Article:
The Fallen: A Jade De Jong Investigation by Jassy MackenzieThe Fallen: A Jade De Jong Investigation by Jassy Mackenzie

The Fallen: A Jade De Jong Investigation

byJassy Mackenzie

Paperback | March 19, 2013

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When P.I. Jade de Jong invites Superintendent David Patel on a scuba diving holiday in St. Lucia, she hopes the time away will rebuild their conflicted relationship. Jade’s dreams are soon shattered when David calls off their affair, forcing her into the arms of environmentalist Craig Niewoudt. But the next morning, romantic issues are put aside when a scuba diving instructor, Amanda Bolton, is found brutally stabbed to death.

Amanda is a most unlikely candidate for murder—a quiet and intelligent woman who until a few months ago pursued a high-powered career as an air traffic controller. She had few acquaintances and no lovers. The only loose end is a postcard in her room from Jo’burg-based Themba Msamaya, asking how she is doing “after 813 and The Fallen.” Jade and David put their differences aside and start the deadly hunt.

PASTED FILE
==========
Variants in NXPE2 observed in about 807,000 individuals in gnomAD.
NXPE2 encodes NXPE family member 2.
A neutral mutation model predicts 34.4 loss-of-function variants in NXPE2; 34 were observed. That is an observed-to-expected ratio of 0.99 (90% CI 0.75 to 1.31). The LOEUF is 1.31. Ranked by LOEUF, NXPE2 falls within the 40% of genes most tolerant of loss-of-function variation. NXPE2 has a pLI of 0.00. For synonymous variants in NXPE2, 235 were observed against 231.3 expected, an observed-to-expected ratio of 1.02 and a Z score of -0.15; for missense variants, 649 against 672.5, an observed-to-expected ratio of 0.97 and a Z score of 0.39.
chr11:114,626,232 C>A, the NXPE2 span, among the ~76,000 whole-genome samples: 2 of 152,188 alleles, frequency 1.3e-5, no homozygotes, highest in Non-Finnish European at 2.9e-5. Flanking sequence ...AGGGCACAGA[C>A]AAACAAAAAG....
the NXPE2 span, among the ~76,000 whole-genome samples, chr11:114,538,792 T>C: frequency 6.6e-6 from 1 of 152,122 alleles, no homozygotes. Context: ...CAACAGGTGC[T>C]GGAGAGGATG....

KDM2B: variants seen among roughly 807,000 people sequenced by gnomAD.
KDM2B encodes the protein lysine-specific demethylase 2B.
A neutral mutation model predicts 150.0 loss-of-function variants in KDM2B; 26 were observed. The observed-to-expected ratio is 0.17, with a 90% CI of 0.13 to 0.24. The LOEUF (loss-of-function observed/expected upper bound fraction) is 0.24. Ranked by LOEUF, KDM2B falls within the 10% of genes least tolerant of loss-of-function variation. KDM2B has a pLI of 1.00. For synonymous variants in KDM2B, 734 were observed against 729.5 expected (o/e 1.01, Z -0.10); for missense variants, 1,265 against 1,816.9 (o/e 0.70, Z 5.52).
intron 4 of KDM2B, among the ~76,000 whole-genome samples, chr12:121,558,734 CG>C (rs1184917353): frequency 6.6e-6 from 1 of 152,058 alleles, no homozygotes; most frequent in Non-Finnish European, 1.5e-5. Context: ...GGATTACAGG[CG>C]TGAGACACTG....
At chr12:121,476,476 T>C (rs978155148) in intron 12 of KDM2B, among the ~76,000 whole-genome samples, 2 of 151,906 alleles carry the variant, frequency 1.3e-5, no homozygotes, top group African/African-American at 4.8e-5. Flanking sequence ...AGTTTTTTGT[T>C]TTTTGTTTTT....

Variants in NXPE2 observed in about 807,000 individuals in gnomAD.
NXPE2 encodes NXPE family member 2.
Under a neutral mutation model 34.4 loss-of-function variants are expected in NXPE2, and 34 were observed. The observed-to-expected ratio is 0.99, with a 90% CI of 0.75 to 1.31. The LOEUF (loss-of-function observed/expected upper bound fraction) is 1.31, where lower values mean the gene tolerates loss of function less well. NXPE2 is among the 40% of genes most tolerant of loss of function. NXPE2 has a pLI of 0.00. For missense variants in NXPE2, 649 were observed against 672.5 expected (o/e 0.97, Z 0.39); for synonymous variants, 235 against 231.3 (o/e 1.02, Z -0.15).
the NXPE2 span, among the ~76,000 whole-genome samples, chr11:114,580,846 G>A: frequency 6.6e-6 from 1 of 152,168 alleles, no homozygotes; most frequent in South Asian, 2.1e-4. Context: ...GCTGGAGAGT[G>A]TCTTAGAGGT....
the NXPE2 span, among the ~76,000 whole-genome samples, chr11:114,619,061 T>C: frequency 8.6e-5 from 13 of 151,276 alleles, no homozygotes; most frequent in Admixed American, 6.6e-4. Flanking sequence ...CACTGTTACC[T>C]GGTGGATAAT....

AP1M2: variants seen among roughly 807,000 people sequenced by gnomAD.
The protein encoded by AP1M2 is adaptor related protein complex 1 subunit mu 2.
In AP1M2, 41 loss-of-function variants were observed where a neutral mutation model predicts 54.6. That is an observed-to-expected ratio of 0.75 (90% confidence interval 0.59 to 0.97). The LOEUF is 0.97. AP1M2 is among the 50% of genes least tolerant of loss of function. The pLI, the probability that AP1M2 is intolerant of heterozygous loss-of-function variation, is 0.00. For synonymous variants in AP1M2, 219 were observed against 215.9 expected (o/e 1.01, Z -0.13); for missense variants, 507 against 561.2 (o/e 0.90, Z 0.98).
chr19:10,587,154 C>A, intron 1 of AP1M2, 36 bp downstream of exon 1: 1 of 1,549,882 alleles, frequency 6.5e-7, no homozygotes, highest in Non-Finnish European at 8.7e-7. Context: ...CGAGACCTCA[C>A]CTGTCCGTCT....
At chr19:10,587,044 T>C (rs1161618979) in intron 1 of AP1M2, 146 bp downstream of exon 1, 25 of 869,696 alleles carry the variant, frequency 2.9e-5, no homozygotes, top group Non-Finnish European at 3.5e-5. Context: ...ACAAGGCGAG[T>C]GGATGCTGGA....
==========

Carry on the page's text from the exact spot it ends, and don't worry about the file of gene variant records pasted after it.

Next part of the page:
Jassy Mackenzie was born in Rhodesia and moved to South Africa when she was eight years old. She lives in Kyalami near Johannesburg and edits and writes for the annual publication Best of South Africa. She is the author of three novels in the Jade de Jong series.
Title:The Fallen: A Jade De Jong InvestigationFormat:PaperbackProduct dimensions:338 pages, 7.48 × 5 × 0.74 inShipping dimensions:7.48 × 5 × 0.74 inPublished:March 19, 2013Publisher:Soho PressLanguage:English

The following ISBNs are associated with this title:

ISBN - 10:1616952172

ISBN - 13:9781616952174


Read from the Book